4 August 2021
Top Row: Bandawar Ayoub, Karger Abas, Jamal Khalil, Sleman Mousa, Sherwan Taha
Bottom Row: Fersat Ahmed, Aamer Khalid, Sleman Kamal, Masoud Ali
Civil society in the Kurdistan Region of Iraq (KRI) is experiencing a crackdown on freedom of expression; security forces have incarcerated an alarming amount of civil rights activists and journalists. Since August 2020, an estimated 76 journalists, activists and teachers from the Badinan region have been arrested by security forces and imprisoned in Erbil.
On 12 and 13 July, members of Christian Peacemaker Teams (CPT) observed the trials for nine Badinan activists who were arrested in 2020 on charges of endangering national security and committing acts of espionage. They have been awaiting trial for almost a year.
CPT is gravely concerned about the due process in both court trials, as the prosecution has not presented reasonable evidence to support the accusations against the nine Badinan prisoners. All evidence used against the activists has thus far relied on testimony from one unidentified witness who was not present for the court proceedings. There is no evidence yet to suggest the witness exists or that such a witness knew the nine Badinan prisoners. In addition to this lack of evidence from an unidentified witness, it is concerning that the judge would accuse the defendants of committing acts of espionage for meeting with consulates and government representatives.
Two of the defendants did not have a lawyer to represent them in their court trials. A family member of one of these defendants reported to CPT that the defendant was threatened and harassed by security forces into refusing legal representation. Security forces have prevented lawyers from having any contact with the remaining defendants; therefore, their clients are unable to provide any evidence for their defence. One of the defendants reported that he was threatened that his wife would be raped if he did not confess to the accusations brought against him in court.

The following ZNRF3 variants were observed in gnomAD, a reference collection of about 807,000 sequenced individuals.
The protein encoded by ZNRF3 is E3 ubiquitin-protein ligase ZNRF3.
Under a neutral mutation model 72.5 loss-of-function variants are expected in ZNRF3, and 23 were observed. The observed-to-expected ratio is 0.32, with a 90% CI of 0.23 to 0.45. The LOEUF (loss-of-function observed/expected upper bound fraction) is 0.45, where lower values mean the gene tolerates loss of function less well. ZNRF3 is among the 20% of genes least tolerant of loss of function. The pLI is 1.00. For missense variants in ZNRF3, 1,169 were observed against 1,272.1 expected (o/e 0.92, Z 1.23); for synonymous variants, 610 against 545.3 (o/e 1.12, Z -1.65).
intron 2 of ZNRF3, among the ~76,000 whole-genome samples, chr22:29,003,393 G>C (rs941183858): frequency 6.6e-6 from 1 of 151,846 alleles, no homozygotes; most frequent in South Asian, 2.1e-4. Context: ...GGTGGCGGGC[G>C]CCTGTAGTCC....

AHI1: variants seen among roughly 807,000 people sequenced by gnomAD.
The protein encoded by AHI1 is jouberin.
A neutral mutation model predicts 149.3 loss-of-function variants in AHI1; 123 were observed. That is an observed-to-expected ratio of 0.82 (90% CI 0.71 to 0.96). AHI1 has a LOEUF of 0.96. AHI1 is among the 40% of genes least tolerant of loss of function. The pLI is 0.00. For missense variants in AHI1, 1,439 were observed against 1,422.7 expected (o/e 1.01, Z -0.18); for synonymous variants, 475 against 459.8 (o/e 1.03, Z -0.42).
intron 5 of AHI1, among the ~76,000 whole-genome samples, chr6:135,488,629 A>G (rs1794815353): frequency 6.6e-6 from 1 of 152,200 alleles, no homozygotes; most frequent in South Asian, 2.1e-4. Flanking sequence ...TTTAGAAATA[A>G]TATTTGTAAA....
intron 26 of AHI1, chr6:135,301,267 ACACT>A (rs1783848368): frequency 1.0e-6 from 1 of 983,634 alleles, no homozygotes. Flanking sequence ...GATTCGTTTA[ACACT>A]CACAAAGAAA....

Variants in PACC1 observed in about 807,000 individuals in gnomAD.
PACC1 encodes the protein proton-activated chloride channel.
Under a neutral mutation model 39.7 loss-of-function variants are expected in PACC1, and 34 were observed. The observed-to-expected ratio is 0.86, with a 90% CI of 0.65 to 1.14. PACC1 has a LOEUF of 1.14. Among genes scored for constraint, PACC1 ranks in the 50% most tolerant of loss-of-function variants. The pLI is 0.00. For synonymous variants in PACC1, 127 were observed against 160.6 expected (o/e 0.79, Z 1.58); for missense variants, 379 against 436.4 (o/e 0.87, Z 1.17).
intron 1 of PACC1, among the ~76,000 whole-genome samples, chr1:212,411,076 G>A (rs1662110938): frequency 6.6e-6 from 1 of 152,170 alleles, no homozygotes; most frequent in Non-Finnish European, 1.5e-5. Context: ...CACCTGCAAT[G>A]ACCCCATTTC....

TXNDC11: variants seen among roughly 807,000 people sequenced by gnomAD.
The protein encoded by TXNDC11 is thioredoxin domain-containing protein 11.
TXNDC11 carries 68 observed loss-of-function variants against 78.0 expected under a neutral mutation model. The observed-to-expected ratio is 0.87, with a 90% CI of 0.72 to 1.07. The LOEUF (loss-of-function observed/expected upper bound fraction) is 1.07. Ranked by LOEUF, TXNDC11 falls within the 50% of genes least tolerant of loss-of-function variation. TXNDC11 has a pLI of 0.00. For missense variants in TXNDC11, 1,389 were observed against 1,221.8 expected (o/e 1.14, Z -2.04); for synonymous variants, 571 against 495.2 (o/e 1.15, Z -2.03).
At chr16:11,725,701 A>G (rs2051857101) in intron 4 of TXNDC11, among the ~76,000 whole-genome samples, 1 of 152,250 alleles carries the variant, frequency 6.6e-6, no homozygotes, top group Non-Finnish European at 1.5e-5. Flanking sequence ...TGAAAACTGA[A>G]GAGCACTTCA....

Family members have limited access to meet with their loved ones in prison—some have seen their families only once since their incarceration. These families are also concerned about their loved ones’ health. The family of Sleman Kamal reported to CPT that his body had become very weak while he was in prison—Sleman himself declared that he was not receiving enough food to eat in prison. CPT observed in court that many defendants have lost weight and appear malnourished since their incarceration in Asaish prison.
These recent court trials are a part of a larger attempt by the Kurdistan Democratic Party (KDP) at suppressing freedom of expression in Iraqi Kurdistan. The first to be impacted by this escalating repression were Sherwan Sherwani, Guhdar Zebari, Eyaz Karam, Shivan Saeed, and Hariwan Essa, found guilty of espionage and destabilizing national security on 16 February 2021. These five journalists and civil rights activists were charged with conducting acts of espionage for speaking to representatives of the United States Consulate General, United Nations and International Organizations. The nine Badinan prisoners are similarly being accused of conducting espionage for international consulates and governing bodies once again.
The cases of the nine Badinan prisoners and their families are a critical concern for the Kurdistan Region. Freedom of expression, as it stands, is on trial in Iraqi Kurdistan. Any sentencing of the nine Badinan activists sets a precedent in the Iraqi Kurdistan region for freedom of expression to be criminalized, further suppressing civil society’s ability to hold governing bodies accountable.